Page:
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Gulf IPOs: what companies must do to go public

Investors need to know the full picture of a company so 'investor education' is key Jacob Lund/Alamy via Reuters
Investors need to know the full picture of a company, so 'investor education' is key
  • Build a ‘compelling narrative’
  • Clear business plan in place
  • Ensure management team is strong

Owners of private Gulf companies mulling going public should ensure their businesses have a compelling narrative to tell investors and clear separation between shareholders and management, according to the chief financial officer of Dubai-based retailer Spinneys.

In May the supermarket chain became the first company registered in the offshore Dubai International Finance Centre (DIFC) to complete an initial public offering and list on the onshore Dubai Financial Market.

Spinneys sold 900 million shares, or 25 percent of its stock, at AED1.53 per share, raising AED1.38 billion ($375 million). Dubai’s Albwardy Investment through subsidiary Al Seer Group owns the remaining 75 percent.

“Before investing in an IPO, prospective institutional investors would expect the company’s management to present its equity story and give guidance on the business plan for the next five years so they can make an informed decision,” says Mukesh Agarwal, who became Spinneys’ CFO last September.

Previously Agarwal was a partner at EY, working as an auditor for nearly two decades.

Deciding whether a company’s principal narrative is as a growth or dividend stock is crucial, he says.

Mukesh Agarwal spinneys dubai gulf iposSpinneys
Spinneys’ Mukesh Agarwal says companies should have a business plan in place for the next five years

“Spinneys is a growth story – we’re expanding our store network and entering Saudi Arabia,” says Agarwal.

“That required a lot of investor education, because the focus generally among regional investors is on dividend yield. We need to emphasise the total return to investors, highlighting the importance of balancing growth with dividend payouts.”

Many Gulf family conglomerates are reportedly considering IPOs. Listing the entire holding company would be overly complex and a tough sell to investors, so such groups should identify a particular unit “that is profitable and has a clear strategy and competitive business model which can be presented to investors”, says Agarwal.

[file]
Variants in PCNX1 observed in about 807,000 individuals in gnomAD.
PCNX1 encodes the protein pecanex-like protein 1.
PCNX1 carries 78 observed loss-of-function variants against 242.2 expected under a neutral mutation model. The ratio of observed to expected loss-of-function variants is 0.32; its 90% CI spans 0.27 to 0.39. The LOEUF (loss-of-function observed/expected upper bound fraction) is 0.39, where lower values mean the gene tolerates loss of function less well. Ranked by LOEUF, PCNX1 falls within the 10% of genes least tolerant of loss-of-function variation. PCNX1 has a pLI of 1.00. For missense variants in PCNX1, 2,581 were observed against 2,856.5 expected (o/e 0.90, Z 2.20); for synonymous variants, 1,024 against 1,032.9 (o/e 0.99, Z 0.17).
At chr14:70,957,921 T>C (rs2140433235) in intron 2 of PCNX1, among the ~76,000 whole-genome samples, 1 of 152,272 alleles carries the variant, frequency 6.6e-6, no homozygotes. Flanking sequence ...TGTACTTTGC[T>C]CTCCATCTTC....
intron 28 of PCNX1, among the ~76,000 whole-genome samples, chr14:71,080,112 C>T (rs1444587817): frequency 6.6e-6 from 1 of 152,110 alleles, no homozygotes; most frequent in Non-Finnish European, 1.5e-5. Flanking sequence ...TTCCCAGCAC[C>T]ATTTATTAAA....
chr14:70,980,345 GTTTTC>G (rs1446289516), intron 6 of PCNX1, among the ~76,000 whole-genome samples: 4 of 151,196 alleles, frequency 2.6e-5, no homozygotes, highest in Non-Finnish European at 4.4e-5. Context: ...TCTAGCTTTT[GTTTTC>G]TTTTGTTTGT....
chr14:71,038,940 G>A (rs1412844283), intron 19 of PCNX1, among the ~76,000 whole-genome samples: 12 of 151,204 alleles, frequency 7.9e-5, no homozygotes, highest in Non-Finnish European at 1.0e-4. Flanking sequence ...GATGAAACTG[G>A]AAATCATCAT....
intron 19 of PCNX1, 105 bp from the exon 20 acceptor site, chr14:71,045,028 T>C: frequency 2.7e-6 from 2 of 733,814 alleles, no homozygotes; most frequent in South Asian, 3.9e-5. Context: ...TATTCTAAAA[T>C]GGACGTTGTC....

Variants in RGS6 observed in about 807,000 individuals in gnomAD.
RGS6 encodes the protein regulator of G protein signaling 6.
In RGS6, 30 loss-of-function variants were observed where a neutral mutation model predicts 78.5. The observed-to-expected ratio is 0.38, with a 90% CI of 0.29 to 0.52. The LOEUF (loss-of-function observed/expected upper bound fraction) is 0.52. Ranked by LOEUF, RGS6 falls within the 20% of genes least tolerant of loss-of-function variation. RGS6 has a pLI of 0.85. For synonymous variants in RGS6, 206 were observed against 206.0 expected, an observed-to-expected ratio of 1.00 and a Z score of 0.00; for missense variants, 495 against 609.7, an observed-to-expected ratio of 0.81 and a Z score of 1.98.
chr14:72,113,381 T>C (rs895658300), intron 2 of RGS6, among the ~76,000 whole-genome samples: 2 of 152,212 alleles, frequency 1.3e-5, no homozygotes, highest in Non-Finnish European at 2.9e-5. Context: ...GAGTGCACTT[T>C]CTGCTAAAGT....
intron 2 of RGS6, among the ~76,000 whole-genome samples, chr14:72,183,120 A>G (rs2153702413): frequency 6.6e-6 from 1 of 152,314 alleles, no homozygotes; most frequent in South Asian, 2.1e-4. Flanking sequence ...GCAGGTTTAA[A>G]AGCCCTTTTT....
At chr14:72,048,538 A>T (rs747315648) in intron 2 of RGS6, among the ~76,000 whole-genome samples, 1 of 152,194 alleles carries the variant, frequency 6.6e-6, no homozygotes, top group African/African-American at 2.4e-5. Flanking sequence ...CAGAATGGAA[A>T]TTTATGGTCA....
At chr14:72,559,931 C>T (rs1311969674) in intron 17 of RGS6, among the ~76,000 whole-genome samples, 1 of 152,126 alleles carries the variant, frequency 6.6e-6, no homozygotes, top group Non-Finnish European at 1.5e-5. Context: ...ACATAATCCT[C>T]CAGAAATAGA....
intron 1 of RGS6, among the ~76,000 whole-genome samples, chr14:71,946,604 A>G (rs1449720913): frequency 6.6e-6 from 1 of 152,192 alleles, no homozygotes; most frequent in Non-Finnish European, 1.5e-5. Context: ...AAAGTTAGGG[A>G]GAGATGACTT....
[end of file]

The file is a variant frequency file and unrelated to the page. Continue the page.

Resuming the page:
“Having a business that operates as a standalone company independent of the family conglomerate really enhances corporate governance,” he says.

“Within the family the shareholders can change as new generations inherit stakes, but the company continues regardless.”

Prospective IPO investors also want an “enhanced separation” between ownership and management of the company.

“Owners should not be directly involved in the day-to-day running of the company, rather there should be a board also consisting of independent directors to oversee the functioning of management,” Agarwal says.

The investor’s view

Doha’s Al Rayan Investment subscribes to some Gulf flotations.

“What we look for in an IPO is not dissimilar to a company already listed – but a company yet to go public will obviously not have a long earnings track record,” says Akber Khan, Al Rayan Investment’s acting chief executive officer.

“As a medium-term investor, management quality and corporate governance are absolutely critical for us.”

As part of its investment decision-making process, Khan’s team examines many aspects.

These include the macroeconomic outlook of the geographies in which a company operates, potential exposure to volatile currencies and the competitive and regulatory environment of sectors in which it has businesses.

Akber Khan, Al Rayan Investment Gulf IPOsAl Rayan Investment
Akber Khan of Al Rayan Investment says management quality and corporate governance are ‘absolutely critical’

“We spend considerable time on understanding the sources and drivers of a company’s expected revenues,” says Khan.

“Beyond that would be questions on the supply chain and cost base. How much potential volatility is there in future pricing and input costs? What are the expansion plans and growth strategies? Is this based on revenue, or through margin expansion? How realistic are these plans?”

Further considerations include the strength of a company’s balance sheet, its indebtedness, expected cash generation and dividend policy.

“There are numerous factors which help us determine if an IPO is attractive, and some relate to the stock market environment itself, not just the company,” adds Khan.

“In terms of deal breakers, the most obvious potential one is the issue price.” 

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